10. Number of school's you're apply to?

    I have a friend in the English PhD program there. Why don't you go ahead and apply to LSU at the same time? It's only about 40 miles from Lafayette to LSU. From your info it looked like you were, but then I read that you were only applying to ULL. I was admitted to their English PhD program, but was accepted where I'm at earlier.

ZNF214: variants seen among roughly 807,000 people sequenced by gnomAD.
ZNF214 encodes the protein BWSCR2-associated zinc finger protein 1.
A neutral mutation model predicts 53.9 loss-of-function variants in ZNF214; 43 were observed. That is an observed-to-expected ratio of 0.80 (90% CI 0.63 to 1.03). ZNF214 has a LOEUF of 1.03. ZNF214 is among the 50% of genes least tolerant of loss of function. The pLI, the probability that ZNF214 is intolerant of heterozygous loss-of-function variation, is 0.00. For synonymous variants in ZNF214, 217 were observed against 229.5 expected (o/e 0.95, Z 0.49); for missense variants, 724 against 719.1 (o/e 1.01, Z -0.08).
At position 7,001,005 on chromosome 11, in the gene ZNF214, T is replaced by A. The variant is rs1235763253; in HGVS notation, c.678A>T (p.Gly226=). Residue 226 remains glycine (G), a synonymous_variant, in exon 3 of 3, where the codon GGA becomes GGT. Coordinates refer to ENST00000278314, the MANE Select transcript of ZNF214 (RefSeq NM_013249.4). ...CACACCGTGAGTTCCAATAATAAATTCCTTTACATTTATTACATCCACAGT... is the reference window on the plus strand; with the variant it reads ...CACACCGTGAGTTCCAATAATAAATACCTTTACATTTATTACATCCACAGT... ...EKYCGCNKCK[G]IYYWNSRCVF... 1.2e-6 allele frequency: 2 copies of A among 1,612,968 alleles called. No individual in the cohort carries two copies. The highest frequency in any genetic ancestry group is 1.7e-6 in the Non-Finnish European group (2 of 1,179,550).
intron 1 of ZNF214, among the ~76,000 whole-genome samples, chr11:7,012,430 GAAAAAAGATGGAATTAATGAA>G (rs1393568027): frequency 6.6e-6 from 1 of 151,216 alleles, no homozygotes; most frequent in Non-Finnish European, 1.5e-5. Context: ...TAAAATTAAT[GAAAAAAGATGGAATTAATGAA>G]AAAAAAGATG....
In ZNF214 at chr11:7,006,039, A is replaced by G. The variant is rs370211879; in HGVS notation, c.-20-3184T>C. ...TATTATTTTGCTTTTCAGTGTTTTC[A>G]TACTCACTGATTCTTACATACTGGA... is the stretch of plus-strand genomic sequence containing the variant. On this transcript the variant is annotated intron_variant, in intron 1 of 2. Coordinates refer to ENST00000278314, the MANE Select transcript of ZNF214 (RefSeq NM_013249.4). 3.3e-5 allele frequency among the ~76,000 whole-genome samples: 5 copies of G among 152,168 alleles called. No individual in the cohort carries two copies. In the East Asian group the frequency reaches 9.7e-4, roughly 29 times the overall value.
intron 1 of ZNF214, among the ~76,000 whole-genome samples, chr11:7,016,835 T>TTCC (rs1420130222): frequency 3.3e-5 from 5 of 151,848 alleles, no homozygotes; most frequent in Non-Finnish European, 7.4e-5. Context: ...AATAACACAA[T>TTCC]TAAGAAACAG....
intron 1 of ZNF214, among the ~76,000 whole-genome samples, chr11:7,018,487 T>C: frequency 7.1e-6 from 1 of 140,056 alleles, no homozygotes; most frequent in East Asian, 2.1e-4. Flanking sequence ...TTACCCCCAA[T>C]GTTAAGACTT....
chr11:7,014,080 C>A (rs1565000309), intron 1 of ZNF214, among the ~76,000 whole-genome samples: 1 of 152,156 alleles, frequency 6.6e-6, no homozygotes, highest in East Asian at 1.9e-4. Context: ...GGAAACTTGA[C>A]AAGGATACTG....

11. Getting in from wait list

    I was waitlisted at two schools last year, and one of them accepted me after I had already accepted another offer. My field is English, and waitlists for different fields could be different.
  12. Have I been played?